Romney could not be reached for comment for this story because of the rigors of his quest to become the Republican presidential nominee. But in his book, he said "despite suspicions to the contrary, I had no plans to parlay the experience into political advantage.

"Who knew where it could lead? I gave very little thought at all to what I would do afterwards," he added. "Many people can't believe that. They think that I had calculated the political benefits. But, honestly, I had no idea. I saw no political connection at all. … I wanted to serve the community, not run for office."

Book reviewer Jesse Gordon, a Democratic activist in Massachusetts, didn't believe that "for one second."

"Everyone in Massachusetts politics, including myself, always assumed Romney would run for office again, and fully expected him to segue from the Olympics to a gubernatorial run. If Romney was surprised by that turn of events, he was the only one!"

What about Romney "saving" Utah's Olympics?

In his book, he takes great pains to attribute the success of the Games to the team he and his predecessors at SLOC put together — from supportive federal officials in Washington, D.C., to a volunteer corps of 26,000 in the Beehive State. He acknowledged his responsibility was big — as the face of the Games, the herald of its values and the guarantor of a pledge to deliver the event on budget — but said that his high-exposure role was necessary to distinguish the new-and-improved SLOC from the old corrupt one.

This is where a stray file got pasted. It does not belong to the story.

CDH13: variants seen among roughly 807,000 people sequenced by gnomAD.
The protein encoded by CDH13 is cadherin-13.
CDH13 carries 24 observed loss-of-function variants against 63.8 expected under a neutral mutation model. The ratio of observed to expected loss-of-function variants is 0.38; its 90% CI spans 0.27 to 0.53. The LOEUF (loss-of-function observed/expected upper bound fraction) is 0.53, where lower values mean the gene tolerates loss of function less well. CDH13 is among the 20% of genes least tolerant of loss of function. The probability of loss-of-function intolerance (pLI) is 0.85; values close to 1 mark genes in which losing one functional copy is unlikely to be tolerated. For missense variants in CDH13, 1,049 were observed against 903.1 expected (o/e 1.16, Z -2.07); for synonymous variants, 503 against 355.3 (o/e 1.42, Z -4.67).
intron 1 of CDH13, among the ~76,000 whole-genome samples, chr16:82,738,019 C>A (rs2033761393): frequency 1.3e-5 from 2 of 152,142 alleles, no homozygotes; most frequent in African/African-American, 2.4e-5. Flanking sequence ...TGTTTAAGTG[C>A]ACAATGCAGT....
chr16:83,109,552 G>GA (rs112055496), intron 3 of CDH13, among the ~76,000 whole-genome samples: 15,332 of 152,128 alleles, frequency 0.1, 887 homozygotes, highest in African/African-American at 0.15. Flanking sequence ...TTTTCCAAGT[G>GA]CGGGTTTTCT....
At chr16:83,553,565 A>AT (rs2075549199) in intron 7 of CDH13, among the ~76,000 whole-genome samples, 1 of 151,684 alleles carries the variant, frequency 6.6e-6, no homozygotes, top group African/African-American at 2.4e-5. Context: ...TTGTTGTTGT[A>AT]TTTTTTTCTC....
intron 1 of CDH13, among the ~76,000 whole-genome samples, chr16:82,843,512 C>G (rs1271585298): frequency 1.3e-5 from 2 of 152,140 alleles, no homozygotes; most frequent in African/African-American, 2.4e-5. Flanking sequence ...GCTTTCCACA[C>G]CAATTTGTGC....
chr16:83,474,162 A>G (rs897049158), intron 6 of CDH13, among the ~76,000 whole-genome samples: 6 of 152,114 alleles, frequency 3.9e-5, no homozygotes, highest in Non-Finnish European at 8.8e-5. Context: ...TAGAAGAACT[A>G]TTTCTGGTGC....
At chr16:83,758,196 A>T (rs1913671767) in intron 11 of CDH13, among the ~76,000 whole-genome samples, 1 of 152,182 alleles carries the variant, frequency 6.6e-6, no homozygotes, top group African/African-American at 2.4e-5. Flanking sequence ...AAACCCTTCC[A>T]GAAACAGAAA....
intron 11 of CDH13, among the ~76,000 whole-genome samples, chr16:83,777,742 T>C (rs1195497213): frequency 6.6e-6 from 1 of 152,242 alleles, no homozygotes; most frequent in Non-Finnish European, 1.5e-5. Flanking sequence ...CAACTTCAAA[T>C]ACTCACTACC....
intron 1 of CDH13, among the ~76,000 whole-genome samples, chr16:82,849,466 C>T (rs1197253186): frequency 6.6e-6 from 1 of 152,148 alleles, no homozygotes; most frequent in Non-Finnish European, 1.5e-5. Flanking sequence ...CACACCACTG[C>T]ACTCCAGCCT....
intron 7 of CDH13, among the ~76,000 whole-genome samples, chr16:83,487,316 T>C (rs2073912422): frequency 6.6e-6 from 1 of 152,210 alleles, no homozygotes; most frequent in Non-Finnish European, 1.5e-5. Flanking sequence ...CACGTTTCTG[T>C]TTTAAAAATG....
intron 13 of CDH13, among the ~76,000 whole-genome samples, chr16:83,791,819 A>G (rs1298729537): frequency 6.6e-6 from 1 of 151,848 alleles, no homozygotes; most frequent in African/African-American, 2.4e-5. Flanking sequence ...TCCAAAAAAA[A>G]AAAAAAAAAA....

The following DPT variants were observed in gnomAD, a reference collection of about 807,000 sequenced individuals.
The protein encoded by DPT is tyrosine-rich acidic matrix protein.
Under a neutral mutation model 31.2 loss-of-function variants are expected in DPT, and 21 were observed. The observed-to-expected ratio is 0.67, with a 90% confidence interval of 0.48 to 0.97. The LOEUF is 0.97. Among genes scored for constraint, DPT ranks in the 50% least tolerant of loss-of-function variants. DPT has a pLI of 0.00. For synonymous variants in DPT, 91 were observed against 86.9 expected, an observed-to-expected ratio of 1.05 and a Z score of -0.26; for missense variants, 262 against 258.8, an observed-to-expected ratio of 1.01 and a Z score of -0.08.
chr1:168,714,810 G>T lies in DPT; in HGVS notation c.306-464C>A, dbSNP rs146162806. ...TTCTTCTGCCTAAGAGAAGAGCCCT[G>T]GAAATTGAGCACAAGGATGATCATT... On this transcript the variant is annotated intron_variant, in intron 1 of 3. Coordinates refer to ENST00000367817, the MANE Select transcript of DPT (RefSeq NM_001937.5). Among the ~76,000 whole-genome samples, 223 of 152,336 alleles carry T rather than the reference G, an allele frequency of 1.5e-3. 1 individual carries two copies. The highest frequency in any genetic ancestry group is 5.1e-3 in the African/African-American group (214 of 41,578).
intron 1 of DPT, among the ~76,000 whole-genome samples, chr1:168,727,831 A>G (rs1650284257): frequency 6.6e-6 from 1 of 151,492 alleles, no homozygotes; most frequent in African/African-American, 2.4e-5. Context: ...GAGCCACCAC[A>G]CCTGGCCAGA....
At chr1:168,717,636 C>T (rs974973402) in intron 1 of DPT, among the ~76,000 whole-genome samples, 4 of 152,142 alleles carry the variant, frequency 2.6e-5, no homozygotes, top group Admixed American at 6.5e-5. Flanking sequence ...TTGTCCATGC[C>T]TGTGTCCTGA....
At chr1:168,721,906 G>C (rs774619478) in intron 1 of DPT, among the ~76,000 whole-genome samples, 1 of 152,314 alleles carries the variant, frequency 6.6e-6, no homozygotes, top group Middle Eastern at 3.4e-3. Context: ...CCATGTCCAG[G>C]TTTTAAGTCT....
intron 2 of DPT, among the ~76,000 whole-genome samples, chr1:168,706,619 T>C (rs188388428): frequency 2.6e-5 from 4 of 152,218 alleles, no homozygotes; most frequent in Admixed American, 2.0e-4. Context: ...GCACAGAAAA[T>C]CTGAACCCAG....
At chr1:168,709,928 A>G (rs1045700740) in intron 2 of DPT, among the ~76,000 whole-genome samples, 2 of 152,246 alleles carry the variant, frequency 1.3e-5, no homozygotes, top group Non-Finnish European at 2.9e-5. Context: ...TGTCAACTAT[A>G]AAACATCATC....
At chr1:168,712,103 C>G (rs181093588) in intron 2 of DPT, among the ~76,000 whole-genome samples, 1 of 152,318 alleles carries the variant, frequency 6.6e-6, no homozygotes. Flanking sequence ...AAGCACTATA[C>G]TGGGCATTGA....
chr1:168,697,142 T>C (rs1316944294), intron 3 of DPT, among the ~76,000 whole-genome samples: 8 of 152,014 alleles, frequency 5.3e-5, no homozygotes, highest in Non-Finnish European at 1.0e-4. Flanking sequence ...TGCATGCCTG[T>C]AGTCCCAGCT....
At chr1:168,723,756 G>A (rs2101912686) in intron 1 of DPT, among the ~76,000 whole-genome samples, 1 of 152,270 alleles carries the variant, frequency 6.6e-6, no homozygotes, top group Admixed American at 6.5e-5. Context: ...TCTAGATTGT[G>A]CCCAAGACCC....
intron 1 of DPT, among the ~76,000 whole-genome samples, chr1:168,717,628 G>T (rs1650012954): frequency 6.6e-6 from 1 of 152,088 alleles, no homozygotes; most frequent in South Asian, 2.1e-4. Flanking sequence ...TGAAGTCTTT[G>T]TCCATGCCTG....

Such high-minded pronouncements do not ring entirely true to two of Romney's more vocal local critics, who argue he exaggerated SLOC's problems to make himself look better when Salt Lake City's Olympics rebounded.

Ken Bullock, who represented the Utah League of Cities and Towns on SLOC's board, said "Romney was a great face for the Games. He deserves credit, just not all the credit he's claiming.

"We did not have a crisis in hosting or managing the Olympics. It was a crisis of image, a crisis related to the IOC. That's not to say he didn't do a good job and play a vital role," Bullock said. "But so did [bid leader] Tom Welch. Tom was a great visionary. He displayed the tenacity, convictions and passion to pursue it. He's forgotten. And Frank Joklik? With his engineering background, he put the scaffolding together. Mitt did a nice job putting meat on the bones."